Latino U.S.A A cartoon history

Ilan Stavans

Book - 2000

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Location Call Number   Status
2nd Floor 973.0068/Stavans Checked In
New York : Basic Books c2000.
1st ed
Physical Description
xv, 175 p. : chiefly ill. ; 24 cm
Includes bibliographical references (p. 168-169) and index.
Main Author
Ilan Stavans (-)
Other Authors
Lalo López (-), Lalo Alcaraz
Review by Library Journal Review

Noted critic Stavans (The One Handed Pianist and Other Stories) and Chicano artist Alcaraz offer a breezy, quick-paced romp through Latin American history, beginning in 1492 and running through the present day. History lessons presented in a lecture style are often refuted by the satirical asides of minor characters, implying the writer's perspective while failing to offer hard facts. One of the characters is a talking skeleton, but what it represents isn't clear. The illustrations are black-and-white in a brush style, and the whole product has a hurried quality. Readers will get a feel for Latin American history as one of oppression by the dominant majority, but readers lacking prior knowledge or a similar perspective will find Stavans's argument clichd and simplistic.DStephen Weiner, Maynard P.L., MA (c) Copyright 2010. Library Journals LLC, a wholly owned subsidiary of Media Source, Inc. No redistribution permitted.

(c) Copyright Library Journals LLC, a wholly owned subsidiary of Media Source, Inc. No redistribution permitted. Review by Kirkus Book Review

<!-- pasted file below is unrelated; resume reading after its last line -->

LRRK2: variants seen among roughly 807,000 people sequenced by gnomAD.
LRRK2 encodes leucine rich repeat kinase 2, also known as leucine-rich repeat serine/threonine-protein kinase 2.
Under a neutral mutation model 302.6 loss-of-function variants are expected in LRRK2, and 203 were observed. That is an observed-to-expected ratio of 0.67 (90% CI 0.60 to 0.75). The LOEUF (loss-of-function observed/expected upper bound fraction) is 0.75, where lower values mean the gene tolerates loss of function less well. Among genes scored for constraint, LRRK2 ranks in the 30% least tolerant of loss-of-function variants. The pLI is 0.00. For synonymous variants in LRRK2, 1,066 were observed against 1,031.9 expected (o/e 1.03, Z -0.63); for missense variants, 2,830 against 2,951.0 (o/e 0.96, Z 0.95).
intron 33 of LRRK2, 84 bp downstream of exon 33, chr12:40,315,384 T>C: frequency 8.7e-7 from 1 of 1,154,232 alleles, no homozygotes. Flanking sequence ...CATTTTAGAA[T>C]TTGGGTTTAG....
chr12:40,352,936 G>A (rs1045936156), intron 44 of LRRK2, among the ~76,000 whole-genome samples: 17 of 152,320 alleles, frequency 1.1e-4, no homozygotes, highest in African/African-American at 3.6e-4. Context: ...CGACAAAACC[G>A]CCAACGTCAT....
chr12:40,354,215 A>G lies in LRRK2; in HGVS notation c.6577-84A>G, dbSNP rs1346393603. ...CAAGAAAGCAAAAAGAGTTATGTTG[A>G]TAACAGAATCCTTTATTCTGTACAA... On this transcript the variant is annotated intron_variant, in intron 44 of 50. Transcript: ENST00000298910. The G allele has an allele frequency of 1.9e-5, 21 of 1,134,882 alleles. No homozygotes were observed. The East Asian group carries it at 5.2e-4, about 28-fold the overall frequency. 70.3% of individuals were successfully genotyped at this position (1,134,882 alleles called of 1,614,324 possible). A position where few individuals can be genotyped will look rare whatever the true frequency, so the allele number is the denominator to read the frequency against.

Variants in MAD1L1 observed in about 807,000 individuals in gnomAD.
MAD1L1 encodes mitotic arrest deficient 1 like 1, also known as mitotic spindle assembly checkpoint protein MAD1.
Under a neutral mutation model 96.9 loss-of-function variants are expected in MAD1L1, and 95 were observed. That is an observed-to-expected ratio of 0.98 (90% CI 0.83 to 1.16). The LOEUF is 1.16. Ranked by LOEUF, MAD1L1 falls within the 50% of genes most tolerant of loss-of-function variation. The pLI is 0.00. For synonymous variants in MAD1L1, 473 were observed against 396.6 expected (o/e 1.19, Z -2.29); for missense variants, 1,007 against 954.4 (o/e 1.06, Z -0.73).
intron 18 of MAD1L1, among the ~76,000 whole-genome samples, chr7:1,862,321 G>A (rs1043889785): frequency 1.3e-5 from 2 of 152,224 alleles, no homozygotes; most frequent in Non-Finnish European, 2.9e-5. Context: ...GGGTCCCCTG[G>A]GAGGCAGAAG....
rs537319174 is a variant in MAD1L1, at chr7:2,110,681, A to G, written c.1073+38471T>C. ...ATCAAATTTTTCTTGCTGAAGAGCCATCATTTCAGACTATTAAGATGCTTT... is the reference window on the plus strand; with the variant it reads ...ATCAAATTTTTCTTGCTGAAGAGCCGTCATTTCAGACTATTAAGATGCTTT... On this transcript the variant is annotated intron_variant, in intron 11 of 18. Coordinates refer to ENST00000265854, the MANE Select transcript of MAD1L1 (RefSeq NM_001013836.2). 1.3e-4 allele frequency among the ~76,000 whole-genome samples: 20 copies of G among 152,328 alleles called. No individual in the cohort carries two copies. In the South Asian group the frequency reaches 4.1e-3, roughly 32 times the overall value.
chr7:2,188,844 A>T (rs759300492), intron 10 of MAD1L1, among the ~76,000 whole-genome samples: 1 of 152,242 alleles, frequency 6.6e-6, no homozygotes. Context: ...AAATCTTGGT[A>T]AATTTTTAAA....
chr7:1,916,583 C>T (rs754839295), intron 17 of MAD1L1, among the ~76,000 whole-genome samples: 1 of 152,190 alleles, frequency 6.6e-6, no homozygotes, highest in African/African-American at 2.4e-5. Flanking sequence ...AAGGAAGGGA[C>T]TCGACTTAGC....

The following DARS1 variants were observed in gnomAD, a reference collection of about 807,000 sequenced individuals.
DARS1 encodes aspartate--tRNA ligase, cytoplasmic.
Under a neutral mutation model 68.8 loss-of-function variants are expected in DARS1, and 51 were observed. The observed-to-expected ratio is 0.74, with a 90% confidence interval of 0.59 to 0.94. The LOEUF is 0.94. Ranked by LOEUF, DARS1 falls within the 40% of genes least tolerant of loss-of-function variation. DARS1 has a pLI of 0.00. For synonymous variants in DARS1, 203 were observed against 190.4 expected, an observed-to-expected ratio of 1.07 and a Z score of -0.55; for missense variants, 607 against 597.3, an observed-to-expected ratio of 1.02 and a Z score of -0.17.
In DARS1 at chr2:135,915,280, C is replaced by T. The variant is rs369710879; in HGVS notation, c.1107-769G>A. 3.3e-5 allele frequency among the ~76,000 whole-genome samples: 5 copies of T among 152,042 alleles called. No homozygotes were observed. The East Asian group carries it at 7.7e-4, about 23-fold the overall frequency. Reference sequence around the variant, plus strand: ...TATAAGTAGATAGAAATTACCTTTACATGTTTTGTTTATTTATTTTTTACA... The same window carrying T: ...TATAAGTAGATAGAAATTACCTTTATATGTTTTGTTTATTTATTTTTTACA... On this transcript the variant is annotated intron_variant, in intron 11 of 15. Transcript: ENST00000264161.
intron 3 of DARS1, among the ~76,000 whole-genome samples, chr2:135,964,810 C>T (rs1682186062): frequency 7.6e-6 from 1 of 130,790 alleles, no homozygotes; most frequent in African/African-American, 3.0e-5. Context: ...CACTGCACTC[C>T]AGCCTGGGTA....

Educational comics have an honorable history, forged in the US by the visual didact Larry Gornick, and in Latin America by Rius, to whom Stavans (Amherst) and his artist collaborator pay tribute in their cartoon overview of Latin culture’s relation to the US. Mexican-born Stavans here focuses on creating a historical narrative that draws heavily from popular culture and celebrates the mixture of backgrounds that find expression in present-day “spanglish.” He develops a cast of speakers that includes a conventional teacher, a toucan (homage to magic realism), the actor Cantinflas, and himself—a typically bespectacled college prof. These three emphasize the basic facts of recent history: the growing Latin presence north of Mexico; the 70 or so different ethnicities and languages south of the border; and the troubled legacy of US imperialism. Stavans gives voice to the unspoken “crucial factor” in Latin history: the mix of “racial types” that influences the course of events. He also highlights legendary Latin figures from the popular bandit Joaquin Murrieta to the saintly missionary Junipero Serra. Along the way, he and Alcaraz provide an alternate view of events familiar to most North Americans: the siege of the Alamo, the Spanish-American War, and American intervention in modern revolutionary struggles. The real strength of the book, though, is in its account of the Latin presence in the US: Stavans plugs his own work on such figures as Mexican film star Cantinflas (and also on the less important Oscar Acosta, the “Samoan” lawyer from Hunter Thompson fame). The three main groups of immigrants—from Mexico, Cuba, and Puerto Rico—each receive due attention for their unique contributions to the evolving Pan-American culture. And Stavans even has kind words for the dissenting views of Mexican-American Richard Rodriquez, whose assimilationist vision isn’t so very different from that of Stavans and Alcazar. Despite some odd byways, and an occasional clumsy sentence, a cartoon history for everyone: painless, witty, and inviting.

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